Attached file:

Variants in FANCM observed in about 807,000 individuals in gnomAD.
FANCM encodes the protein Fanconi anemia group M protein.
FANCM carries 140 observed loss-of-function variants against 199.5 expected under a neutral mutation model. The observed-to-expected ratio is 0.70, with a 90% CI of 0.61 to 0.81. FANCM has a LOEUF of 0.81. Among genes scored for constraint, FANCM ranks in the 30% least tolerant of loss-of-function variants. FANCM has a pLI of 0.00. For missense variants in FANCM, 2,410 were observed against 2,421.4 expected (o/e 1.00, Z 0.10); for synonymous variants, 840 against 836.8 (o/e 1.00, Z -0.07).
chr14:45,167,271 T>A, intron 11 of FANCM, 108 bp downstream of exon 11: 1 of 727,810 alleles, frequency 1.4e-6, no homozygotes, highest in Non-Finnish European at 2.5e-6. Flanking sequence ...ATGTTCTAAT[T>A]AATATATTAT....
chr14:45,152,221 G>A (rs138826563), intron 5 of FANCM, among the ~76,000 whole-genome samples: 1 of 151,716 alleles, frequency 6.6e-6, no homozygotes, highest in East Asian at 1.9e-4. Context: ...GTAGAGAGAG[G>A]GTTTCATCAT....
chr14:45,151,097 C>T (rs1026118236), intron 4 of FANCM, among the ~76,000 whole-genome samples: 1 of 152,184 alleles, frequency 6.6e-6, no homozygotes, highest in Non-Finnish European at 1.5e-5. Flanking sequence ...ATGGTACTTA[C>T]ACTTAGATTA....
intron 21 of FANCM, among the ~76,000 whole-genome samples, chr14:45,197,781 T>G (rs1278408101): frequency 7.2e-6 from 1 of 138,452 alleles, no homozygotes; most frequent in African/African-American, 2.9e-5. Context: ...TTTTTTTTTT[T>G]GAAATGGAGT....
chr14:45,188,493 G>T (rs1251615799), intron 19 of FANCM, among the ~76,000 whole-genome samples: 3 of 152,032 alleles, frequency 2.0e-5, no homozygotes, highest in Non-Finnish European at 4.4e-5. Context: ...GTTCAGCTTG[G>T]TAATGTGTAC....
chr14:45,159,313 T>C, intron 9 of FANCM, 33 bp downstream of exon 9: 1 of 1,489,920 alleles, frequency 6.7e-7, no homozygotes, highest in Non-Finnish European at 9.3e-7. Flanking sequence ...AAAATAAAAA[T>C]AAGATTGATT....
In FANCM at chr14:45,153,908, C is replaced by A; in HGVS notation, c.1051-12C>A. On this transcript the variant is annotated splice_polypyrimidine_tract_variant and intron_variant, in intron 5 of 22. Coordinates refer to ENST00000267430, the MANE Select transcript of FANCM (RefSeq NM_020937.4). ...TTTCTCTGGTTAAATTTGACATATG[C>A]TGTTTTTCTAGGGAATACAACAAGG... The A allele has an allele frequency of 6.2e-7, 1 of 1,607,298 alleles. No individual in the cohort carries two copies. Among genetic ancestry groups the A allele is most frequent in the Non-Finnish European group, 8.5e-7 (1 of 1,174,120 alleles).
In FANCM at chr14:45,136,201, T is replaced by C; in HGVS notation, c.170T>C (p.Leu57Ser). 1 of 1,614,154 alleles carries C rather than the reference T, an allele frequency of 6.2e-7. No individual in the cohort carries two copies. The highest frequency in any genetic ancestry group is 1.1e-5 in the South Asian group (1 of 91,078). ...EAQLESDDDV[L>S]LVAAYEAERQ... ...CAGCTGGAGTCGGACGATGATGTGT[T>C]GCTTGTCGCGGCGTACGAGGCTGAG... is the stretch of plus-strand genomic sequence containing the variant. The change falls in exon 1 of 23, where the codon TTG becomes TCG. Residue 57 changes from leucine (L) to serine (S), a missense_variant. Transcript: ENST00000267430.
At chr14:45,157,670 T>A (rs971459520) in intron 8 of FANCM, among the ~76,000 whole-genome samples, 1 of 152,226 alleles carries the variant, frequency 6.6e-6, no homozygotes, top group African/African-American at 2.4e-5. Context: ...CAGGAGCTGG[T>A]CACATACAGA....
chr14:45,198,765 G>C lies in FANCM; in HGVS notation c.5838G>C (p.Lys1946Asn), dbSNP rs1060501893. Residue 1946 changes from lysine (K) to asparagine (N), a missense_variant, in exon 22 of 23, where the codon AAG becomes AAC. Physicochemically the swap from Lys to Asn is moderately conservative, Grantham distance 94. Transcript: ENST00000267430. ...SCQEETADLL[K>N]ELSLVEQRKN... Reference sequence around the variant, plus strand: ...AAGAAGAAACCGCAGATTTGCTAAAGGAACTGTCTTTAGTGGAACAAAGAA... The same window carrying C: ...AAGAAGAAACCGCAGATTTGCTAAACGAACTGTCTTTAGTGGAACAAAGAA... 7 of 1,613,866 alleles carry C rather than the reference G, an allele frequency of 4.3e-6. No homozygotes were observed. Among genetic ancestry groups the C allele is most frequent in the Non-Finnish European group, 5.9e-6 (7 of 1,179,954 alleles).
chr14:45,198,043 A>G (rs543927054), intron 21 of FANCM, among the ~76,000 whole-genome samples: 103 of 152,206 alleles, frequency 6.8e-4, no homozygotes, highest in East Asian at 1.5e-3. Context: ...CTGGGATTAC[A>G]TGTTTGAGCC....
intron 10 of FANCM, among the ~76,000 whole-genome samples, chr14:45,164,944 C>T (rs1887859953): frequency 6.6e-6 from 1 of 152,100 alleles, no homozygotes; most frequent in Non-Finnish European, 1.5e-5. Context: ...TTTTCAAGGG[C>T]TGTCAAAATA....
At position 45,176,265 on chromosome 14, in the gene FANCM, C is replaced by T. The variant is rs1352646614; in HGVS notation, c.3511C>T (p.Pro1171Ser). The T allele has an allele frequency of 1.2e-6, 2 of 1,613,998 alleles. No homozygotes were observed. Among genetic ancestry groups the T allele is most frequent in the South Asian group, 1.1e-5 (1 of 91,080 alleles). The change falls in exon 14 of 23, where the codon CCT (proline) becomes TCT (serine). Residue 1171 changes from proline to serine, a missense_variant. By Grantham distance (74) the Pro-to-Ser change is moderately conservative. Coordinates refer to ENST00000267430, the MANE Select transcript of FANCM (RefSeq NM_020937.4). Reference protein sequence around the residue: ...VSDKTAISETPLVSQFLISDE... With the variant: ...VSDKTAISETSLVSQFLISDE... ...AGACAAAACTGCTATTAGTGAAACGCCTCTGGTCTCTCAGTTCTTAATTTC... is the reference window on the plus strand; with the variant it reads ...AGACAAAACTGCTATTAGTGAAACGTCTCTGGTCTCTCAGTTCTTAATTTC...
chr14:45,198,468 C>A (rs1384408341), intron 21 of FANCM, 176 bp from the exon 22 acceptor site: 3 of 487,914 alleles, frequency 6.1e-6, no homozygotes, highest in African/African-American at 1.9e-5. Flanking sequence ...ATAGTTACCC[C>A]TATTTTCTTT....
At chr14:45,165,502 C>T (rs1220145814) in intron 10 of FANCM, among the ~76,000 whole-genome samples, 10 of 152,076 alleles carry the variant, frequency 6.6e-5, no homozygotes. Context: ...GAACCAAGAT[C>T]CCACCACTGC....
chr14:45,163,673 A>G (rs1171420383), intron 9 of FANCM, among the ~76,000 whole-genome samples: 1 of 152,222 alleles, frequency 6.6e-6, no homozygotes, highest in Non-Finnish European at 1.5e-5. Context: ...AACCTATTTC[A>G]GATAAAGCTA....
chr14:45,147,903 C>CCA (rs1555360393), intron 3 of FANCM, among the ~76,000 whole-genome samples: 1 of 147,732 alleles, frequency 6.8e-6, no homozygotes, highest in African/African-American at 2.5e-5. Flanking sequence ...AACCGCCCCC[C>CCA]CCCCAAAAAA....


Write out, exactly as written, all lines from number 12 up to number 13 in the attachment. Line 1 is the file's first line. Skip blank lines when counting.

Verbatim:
At chr14:45,157,670 T>A (rs971459520) in intron 8 of FANCM, among the ~76,000 whole-genome samples, 1 of 152,226 alleles carries the variant, frequency 6.6e-6, no homozygotes, top group African/African-American at 2.4e-5. Context: ...CAGGAGCTGG[T>A]CACATACAGA....
chr14:45,198,765 G>C lies in FANCM; in HGVS notation c.5838G>C (p.Lys1946Asn), dbSNP rs1060501893. Residue 1946 changes from lysine (K) to asparagine (N), a missense_variant, in exon 22 of 23, where the codon AAG becomes AAC. Physicochemically the swap from Lys to Asn is moderately conservative, Grantham distance 94. Transcript: ENST00000267430. ...SCQEETADLL[K>N]ELSLVEQRKN... Reference sequence around the variant, plus strand: ...AAGAAGAAACCGCAGATTTGCTAAAGGAACTGTCTTTAGTGGAACAAAGAA... The same window carrying C: ...AAGAAGAAACCGCAGATTTGCTAAACGAACTGTCTTTAGTGGAACAAAGAA... 7 of 1,613,866 alleles carry C rather than the reference G, an allele frequency of 4.3e-6. No homozygotes were observed. Among genetic ancestry groups the C allele is most frequent in the Non-Finnish European group, 5.9e-6 (7 of 1,179,954 alleles).